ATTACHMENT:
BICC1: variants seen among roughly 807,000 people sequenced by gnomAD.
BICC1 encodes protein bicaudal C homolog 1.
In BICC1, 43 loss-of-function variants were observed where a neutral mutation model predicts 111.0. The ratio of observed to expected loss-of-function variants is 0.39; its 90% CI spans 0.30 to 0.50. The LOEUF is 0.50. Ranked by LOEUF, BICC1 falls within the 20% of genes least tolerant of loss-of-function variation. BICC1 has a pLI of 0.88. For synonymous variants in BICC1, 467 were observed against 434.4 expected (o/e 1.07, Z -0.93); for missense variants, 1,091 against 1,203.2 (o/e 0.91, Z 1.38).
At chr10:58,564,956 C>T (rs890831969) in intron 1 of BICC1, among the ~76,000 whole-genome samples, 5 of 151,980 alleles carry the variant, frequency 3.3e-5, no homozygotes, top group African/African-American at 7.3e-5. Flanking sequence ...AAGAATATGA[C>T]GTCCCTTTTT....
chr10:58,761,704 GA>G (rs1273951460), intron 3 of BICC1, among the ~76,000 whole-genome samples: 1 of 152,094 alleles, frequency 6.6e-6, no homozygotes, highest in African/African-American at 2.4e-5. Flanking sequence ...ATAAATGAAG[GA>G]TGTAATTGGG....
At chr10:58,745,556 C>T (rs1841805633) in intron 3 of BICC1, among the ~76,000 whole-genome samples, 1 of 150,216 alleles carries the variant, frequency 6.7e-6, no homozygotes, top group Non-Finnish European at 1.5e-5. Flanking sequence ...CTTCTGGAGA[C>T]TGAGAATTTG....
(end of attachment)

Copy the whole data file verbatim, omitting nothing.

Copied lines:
BICC1: variants seen among roughly 807,000 people sequenced by gnomAD.
BICC1 encodes protein bicaudal C homolog 1.
In BICC1, 43 loss-of-function variants were observed where a neutral mutation model predicts 111.0. The ratio of observed to expected loss-of-function variants is 0.39; its 90% CI spans 0.30 to 0.50. The LOEUF is 0.50. Ranked by LOEUF, BICC1 falls within the 20% of genes least tolerant of loss-of-function variation. BICC1 has a pLI of 0.88. For synonymous variants in BICC1, 467 were observed against 434.4 expected (o/e 1.07, Z -0.93); for missense variants, 1,091 against 1,203.2 (o/e 0.91, Z 1.38).
At chr10:58,564,956 C>T (rs890831969) in intron 1 of BICC1, among the ~76,000 whole-genome samples, 5 of 151,980 alleles carry the variant, frequency 3.3e-5, no homozygotes, top group African/African-American at 7.3e-5. Flanking sequence ...AAGAATATGA[C>T]GTCCCTTTTT....
chr10:58,761,704 GA>G (rs1273951460), intron 3 of BICC1, among the ~76,000 whole-genome samples: 1 of 152,094 alleles, frequency 6.6e-6, no homozygotes, highest in African/African-American at 2.4e-5. Flanking sequence ...ATAAATGAAG[GA>G]TGTAATTGGG....
At chr10:58,745,556 C>T (rs1841805633) in intron 3 of BICC1, among the ~76,000 whole-genome samples, 1 of 150,216 alleles carries the variant, frequency 6.7e-6, no homozygotes, top group Non-Finnish European at 1.5e-5. Flanking sequence ...CTTCTGGAGA[C>T]TGAGAATTTG....